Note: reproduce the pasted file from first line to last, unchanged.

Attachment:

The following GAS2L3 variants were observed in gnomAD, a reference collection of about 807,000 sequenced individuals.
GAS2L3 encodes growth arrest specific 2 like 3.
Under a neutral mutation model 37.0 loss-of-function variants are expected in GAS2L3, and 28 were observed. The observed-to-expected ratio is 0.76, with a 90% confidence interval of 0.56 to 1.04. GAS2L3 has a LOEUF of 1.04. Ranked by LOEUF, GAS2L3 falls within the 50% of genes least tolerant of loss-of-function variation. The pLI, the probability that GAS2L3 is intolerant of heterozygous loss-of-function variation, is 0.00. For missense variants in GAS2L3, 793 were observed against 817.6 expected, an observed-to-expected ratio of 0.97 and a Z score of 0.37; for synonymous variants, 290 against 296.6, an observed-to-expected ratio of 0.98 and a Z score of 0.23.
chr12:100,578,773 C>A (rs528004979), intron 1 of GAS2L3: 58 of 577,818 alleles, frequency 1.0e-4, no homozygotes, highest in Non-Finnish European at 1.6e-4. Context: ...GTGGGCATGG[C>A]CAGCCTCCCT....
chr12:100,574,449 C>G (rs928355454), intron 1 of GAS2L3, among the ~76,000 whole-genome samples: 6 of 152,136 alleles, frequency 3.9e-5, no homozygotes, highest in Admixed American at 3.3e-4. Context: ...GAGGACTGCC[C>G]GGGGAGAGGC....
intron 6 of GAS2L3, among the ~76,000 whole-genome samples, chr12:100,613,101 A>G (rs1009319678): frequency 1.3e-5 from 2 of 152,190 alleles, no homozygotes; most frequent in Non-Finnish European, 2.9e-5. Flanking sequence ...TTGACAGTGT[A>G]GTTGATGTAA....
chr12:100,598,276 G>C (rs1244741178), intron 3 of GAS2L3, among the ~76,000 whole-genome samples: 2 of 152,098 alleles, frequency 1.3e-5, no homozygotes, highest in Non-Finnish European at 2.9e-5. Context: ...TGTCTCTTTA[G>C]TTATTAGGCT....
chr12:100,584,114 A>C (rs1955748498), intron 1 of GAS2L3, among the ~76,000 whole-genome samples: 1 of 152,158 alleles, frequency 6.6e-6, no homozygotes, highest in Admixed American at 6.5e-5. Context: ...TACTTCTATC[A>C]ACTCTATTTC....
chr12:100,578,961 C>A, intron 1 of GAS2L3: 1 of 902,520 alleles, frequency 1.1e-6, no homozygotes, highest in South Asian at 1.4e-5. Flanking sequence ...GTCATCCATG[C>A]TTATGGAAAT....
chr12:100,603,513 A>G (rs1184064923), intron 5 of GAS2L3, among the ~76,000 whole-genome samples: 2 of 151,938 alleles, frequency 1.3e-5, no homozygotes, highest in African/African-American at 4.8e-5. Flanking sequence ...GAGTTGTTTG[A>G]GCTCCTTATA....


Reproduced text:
The following GAS2L3 variants were observed in gnomAD, a reference collection of about 807,000 sequenced individuals.
GAS2L3 encodes growth arrest specific 2 like 3.
Under a neutral mutation model 37.0 loss-of-function variants are expected in GAS2L3, and 28 were observed. The observed-to-expected ratio is 0.76, with a 90% confidence interval of 0.56 to 1.04. GAS2L3 has a LOEUF of 1.04. Ranked by LOEUF, GAS2L3 falls within the 50% of genes least tolerant of loss-of-function variation. The pLI, the probability that GAS2L3 is intolerant of heterozygous loss-of-function variation, is 0.00. For missense variants in GAS2L3, 793 were observed against 817.6 expected, an observed-to-expected ratio of 0.97 and a Z score of 0.37; for synonymous variants, 290 against 296.6, an observed-to-expected ratio of 0.98 and a Z score of 0.23.
chr12:100,578,773 C>A (rs528004979), intron 1 of GAS2L3: 58 of 577,818 alleles, frequency 1.0e-4, no homozygotes, highest in Non-Finnish European at 1.6e-4. Context: ...GTGGGCATGG[C>A]CAGCCTCCCT....
chr12:100,574,449 C>G (rs928355454), intron 1 of GAS2L3, among the ~76,000 whole-genome samples: 6 of 152,136 alleles, frequency 3.9e-5, no homozygotes, highest in Admixed American at 3.3e-4. Context: ...GAGGACTGCC[C>G]GGGGAGAGGC....
intron 6 of GAS2L3, among the ~76,000 whole-genome samples, chr12:100,613,101 A>G (rs1009319678): frequency 1.3e-5 from 2 of 152,190 alleles, no homozygotes; most frequent in Non-Finnish European, 2.9e-5. Flanking sequence ...TTGACAGTGT[A>G]GTTGATGTAA....
chr12:100,598,276 G>C (rs1244741178), intron 3 of GAS2L3, among the ~76,000 whole-genome samples: 2 of 152,098 alleles, frequency 1.3e-5, no homozygotes, highest in Non-Finnish European at 2.9e-5. Context: ...TGTCTCTTTA[G>C]TTATTAGGCT....
chr12:100,584,114 A>C (rs1955748498), intron 1 of GAS2L3, among the ~76,000 whole-genome samples: 1 of 152,158 alleles, frequency 6.6e-6, no homozygotes, highest in Admixed American at 6.5e-5. Context: ...TACTTCTATC[A>C]ACTCTATTTC....
chr12:100,578,961 C>A, intron 1 of GAS2L3: 1 of 902,520 alleles, frequency 1.1e-6, no homozygotes, highest in South Asian at 1.4e-5. Flanking sequence ...GTCATCCATG[C>A]TTATGGAAAT....
chr12:100,603,513 A>G (rs1184064923), intron 5 of GAS2L3, among the ~76,000 whole-genome samples: 2 of 151,938 alleles, frequency 1.3e-5, no homozygotes, highest in African/African-American at 4.8e-5. Flanking sequence ...GAGTTGTTTG[A>G]GCTCCTTATA....